‘Shielding’ is currently paused so your child can return to their normal activities unless otherwise advised by your specialty team. However, the guidance  may change and we recommend you check the latest advice on the Royal College of Paediatrics and Child Health (RCPCH) website.

We appreciate that this advice might cause anxiety, so we have put together some special guidance for families who have been advised to shield, advised to stop shielding, or are unsure whether their child should be shielded. You can access this online at

As we learn more about the virus, there may be more changes to the list of patient groups that need to shield and what shielding means. Our clinical teams are reviewing shielded patient lists and will contact you if they have any further guidance for your child.

We recognise that some families may find it difficult to shield their child – we’re here to help. GOSH has a number of support services available to families to help you cope and stay shielded. As well as speaking to your child’s clinical team, please contact the PALS team on 020 7829 7862 or for confidential support and advice.

A: It may help to look at the shielding lists outlined by the Royal College of Paediatrics and Child Health (RCPCH) website. If you’re still unsure, please contact your clinical team. As we learn more about how the virus affects different groups of people, this guidance may be updated.

As well as patients, the NHS has also been contacting clinicians to outline the groups advised to shield. This is so that they, including clinicians at GOSH, can review their patient lists and add in any patients they think should be on the shielding list.

You can also find advice from your child’s clinical team in our specialty guidance sheets at, and advice about shielding children at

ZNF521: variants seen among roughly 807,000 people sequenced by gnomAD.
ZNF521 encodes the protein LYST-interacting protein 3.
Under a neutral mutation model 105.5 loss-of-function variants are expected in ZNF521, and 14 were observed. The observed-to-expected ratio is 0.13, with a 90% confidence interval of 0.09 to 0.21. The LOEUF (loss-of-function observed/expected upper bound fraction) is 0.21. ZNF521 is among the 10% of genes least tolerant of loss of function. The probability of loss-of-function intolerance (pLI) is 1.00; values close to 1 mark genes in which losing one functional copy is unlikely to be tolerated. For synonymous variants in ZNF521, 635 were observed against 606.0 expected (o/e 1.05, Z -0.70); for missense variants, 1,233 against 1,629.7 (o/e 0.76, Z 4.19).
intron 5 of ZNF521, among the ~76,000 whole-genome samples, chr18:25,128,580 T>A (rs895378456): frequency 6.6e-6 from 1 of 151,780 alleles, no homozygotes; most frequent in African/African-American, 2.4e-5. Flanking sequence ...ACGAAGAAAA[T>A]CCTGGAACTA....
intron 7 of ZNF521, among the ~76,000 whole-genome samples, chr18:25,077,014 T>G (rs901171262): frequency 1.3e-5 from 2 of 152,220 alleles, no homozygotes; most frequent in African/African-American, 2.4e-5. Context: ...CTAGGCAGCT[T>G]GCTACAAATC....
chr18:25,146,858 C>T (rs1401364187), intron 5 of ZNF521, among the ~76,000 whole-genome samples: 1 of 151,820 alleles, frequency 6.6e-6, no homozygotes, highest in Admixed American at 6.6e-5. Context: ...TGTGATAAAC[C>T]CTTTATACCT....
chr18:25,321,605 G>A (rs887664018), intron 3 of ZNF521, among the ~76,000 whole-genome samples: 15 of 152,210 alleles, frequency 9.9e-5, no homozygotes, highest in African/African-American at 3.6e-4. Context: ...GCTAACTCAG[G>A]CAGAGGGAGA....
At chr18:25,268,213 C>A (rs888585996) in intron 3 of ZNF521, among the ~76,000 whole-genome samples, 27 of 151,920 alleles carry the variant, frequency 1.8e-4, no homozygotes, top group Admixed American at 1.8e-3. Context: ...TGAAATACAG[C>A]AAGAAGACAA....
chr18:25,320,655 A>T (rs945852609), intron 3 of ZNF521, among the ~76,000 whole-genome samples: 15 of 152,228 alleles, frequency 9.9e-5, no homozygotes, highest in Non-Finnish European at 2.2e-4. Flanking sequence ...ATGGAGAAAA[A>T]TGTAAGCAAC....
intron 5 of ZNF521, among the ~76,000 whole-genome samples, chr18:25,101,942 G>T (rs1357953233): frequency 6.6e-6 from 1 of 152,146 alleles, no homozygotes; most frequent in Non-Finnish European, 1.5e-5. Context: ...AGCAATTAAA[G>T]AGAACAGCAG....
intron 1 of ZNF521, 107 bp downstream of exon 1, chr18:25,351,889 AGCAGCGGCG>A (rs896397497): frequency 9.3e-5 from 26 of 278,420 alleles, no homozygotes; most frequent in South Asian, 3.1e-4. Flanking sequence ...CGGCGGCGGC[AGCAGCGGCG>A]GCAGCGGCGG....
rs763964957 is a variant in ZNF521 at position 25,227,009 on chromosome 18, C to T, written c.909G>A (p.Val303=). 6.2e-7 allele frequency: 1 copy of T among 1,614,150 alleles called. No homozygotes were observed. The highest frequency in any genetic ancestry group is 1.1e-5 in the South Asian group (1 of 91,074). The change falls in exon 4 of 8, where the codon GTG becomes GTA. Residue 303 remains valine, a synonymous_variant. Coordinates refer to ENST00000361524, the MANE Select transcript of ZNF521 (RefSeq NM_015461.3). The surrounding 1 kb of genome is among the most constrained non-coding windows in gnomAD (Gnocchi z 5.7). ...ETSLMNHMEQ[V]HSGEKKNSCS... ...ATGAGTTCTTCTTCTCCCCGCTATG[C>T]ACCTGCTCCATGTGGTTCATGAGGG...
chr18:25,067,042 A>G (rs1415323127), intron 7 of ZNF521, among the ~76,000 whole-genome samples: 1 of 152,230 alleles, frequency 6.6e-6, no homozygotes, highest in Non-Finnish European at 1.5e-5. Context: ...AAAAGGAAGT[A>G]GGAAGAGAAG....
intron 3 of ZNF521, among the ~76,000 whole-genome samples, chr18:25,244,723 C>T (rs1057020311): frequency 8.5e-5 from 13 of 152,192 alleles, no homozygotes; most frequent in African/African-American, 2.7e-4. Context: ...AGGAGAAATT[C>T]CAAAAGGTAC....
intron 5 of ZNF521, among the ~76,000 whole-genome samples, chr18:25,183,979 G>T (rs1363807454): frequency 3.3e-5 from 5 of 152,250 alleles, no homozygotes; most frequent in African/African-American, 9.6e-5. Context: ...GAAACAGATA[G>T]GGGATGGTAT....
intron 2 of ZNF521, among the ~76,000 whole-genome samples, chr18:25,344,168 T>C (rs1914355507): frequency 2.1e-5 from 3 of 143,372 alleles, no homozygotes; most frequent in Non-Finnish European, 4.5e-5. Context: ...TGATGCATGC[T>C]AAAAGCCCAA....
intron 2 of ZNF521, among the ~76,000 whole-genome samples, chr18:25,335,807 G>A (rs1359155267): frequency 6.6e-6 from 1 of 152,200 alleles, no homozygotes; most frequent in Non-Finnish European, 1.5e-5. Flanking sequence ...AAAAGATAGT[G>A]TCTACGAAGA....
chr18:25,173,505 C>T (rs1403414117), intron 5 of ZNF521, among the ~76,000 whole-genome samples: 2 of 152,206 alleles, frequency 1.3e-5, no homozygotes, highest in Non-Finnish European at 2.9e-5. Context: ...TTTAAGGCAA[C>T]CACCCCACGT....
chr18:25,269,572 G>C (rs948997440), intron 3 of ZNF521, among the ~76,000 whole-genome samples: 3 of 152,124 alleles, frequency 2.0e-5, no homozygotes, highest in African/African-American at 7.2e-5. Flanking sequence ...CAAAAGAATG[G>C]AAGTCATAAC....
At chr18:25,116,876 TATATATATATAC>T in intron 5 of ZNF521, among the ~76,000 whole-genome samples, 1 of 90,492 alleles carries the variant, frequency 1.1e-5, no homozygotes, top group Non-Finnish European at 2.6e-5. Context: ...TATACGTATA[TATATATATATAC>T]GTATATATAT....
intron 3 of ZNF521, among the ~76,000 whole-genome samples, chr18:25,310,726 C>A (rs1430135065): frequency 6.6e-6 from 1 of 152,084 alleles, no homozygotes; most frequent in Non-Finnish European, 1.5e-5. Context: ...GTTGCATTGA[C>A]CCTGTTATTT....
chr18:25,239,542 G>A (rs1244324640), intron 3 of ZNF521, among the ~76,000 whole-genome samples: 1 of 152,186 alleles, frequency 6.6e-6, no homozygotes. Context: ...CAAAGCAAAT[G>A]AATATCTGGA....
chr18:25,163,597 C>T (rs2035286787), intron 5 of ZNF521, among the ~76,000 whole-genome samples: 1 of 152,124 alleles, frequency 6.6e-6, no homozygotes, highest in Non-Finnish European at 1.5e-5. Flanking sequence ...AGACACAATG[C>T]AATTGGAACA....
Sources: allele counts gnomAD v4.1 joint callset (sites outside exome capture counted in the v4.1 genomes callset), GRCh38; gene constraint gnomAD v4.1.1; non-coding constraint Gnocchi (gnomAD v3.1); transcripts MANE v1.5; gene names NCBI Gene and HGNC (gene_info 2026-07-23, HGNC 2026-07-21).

If you have any questions or concerns about shielding your child, please contact your clinical team.

A: National guidance is changing to allow people in England to spend more time outside of their homes, including some children going back to school. However, everyone in the UK should still keep a safe distance from others when out and about, and avoid large gatherings. You can find more information on

Everyone should also take the widely published precautions to avoid infection, including keeping good hand hygiene, and avoiding touching your eyes, nose and mouth. The public is also being advised to wear face coverings when it’s hard to stay a safe distance from people, including on public transport and in hospitals. If you or your child wear one, please make sure you are able to wear it correctly. To see this advice in action and learn how to keep yourself and others safe, watch our family-friendly animation featuring Otto the Octopus at

Please note that restrictions on travel, work and time spent outdoors may differ depending on where you live in the UK. You can find more guidance at

There are also several areas of the UK that are subject to local lockdown – more information about what this means is available from the website.

If your child or a member of your family develops symptoms of COVID-19, please do not go to your GP or pharmacist – stay at home and use the NHS 111 online service at for urgent medical advice and inform  your clinical team at GOSH.

A: No, taking medication is very important and not taking it could make your child’s condition worse. Please consult your specialty team before making any decisions regarding your child’s medication.

A: If there are changes to your child's underlying condition, please contact the GOSH teams involved in your child’s care as you usually would.

An easy and secure way to do this is through the MyGOSH online portal at We are doing our best to respond to your queries quickly, but this might take a little longer than usual in some cases.